PLACKETS AND FASTENERS
Plackets are constructed openings that enable in giving a good fit to the garment. It helps in putting on and taking off a gar-ment. Plackets are generally attached to waist lines, necklines, wrists and other snug fitting parts of the garment. When the garment is in use these plackets are kept closed with the help of fasteners such as zips, buttons, hooks or tapes.
A placket is made either in an opening left on the seam or by creating a cut in a garment which enables one to wear or remove the gar-ment easily. The placket made on a seam is stronger and gives a better finish. The following points should be kept in mind while constructing a placket.
· A good placket should lay flat on the garment.
· A placket should not be thick and should not have gaps at the edges.
· The position of the placket should be easily accessible.
· The seams of the placket should be strengthened at the closed ends as it has to go through a certain amount of strain during wear.
· While choosing a placket the position of the placket, texture of the fabric, age and sex of the wearer along with the current fashion should be kept in mind.
These plackets are made on a seam or a cut but should not be made on curved seams and bulky fabrics. This is also called as one-piece placket. They are suit-able for children’s dresses, undergarments like petticoats and sleeve openings where a cuff or band is used (Figure 12.24).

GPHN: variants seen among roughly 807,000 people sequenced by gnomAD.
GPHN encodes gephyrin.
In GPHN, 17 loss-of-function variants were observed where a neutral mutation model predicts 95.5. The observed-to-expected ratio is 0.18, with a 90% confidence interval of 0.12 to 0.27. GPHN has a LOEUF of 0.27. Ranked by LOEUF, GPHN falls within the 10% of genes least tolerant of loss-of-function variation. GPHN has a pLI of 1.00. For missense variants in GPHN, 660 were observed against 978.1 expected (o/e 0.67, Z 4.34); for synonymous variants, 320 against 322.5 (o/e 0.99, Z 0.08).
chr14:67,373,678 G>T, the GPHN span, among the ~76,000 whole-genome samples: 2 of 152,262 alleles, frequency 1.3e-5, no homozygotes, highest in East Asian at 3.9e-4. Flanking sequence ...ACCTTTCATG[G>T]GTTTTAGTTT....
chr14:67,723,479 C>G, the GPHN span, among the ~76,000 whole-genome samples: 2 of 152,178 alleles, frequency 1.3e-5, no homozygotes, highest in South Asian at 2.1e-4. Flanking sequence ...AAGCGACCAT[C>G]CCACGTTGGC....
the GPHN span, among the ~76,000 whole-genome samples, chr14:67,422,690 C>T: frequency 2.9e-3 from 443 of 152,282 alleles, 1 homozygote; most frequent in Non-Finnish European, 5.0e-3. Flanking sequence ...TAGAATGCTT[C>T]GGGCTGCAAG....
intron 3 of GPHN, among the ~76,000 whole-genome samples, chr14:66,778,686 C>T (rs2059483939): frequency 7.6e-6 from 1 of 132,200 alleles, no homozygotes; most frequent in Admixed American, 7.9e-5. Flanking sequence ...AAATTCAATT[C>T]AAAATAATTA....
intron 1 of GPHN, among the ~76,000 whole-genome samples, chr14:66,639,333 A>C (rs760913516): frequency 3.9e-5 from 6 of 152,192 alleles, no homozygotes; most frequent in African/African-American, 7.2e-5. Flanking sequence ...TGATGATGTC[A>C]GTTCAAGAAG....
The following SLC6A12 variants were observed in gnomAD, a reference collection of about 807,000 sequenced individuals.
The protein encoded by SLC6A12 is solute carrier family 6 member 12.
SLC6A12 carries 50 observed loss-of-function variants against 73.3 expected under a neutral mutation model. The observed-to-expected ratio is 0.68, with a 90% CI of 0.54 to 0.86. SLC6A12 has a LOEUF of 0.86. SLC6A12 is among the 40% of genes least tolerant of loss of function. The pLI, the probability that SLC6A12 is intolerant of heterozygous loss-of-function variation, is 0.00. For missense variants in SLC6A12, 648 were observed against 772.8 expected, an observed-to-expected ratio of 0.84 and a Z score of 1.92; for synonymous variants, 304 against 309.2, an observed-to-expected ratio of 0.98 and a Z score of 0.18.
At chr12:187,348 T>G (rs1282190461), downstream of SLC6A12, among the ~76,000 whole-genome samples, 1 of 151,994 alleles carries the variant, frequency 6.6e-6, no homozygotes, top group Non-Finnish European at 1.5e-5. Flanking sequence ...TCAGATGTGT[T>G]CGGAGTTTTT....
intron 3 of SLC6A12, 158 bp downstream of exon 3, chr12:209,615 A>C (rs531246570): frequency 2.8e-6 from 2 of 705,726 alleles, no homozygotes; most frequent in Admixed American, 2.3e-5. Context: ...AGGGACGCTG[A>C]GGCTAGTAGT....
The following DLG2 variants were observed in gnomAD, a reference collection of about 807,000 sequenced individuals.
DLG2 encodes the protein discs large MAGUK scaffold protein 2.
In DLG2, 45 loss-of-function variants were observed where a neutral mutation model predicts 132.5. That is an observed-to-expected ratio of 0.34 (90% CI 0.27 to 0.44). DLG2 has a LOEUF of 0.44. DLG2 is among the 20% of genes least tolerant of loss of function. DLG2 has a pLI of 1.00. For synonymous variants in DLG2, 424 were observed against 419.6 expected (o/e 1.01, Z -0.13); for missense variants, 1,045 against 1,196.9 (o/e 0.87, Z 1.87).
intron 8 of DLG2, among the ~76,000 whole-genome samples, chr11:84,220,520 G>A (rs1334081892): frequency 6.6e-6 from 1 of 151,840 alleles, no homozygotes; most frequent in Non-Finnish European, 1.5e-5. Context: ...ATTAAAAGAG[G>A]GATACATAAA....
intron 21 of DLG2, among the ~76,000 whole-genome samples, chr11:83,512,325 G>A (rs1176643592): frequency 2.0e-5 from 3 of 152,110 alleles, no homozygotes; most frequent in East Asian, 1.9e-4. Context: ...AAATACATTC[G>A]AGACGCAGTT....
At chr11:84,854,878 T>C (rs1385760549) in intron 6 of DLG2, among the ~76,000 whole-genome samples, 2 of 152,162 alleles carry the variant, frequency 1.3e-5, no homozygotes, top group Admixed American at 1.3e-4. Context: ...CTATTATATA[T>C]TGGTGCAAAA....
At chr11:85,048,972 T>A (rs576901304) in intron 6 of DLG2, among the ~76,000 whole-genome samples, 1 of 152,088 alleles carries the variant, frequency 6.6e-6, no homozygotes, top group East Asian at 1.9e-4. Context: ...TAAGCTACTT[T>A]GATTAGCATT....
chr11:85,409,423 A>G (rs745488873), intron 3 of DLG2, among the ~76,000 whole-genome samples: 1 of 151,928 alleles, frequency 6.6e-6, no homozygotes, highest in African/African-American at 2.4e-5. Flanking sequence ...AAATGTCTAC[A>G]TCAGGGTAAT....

· To make a placket in a slash, cut a strip of fabric on the lengthwise grain.
· The cut should be 3 to 6 cm wide and 3 cm longer than twice the length of the openings.
· Match the centre of a long edge of the strip to the end of the slash edge, with right sides of garment and strips facing each other.
· Pull back the tip of the slash about 0.25 cm from the edge of the placket strip and pin it.
· Open the placket edges wide and attach to the strip by a line of tack-ing worked 0.25 cm from the edge of the strip.
· From the right side of the garment, machine over the tacking line from one end up to its midpoint.
· Keep the machine needle in the fab-ric, raise the pressure foot and move the fullness backward out to prevent fold created on the placket.
· Lower the presser foot and stitch along the opposite end of the opening.
· Press the seam edges towards the placket strip and fold under the free edge of the strip of 0.25 cm and crease.
· Fold the strip over the seam edge and hem it along the stitching line.
· Fold the strip under on the overlap section and tack it close to the seam.
· Tacking should be removed after fix-ing the fasteners.
As the name indicates, this is done with two pieces of fabrics. This placket is com-monly used skirts, petticoats and back opening dresses. The overlap and under lap sides are finished with facing and binding respectively (Figure 12.25).
· Cut two separate strips of fabric, measuring 8 cm width for the over-lap and the other with 6 cm width for the under lap.
· The length of the strips should be 2.5 cm more than the length of the placket opening.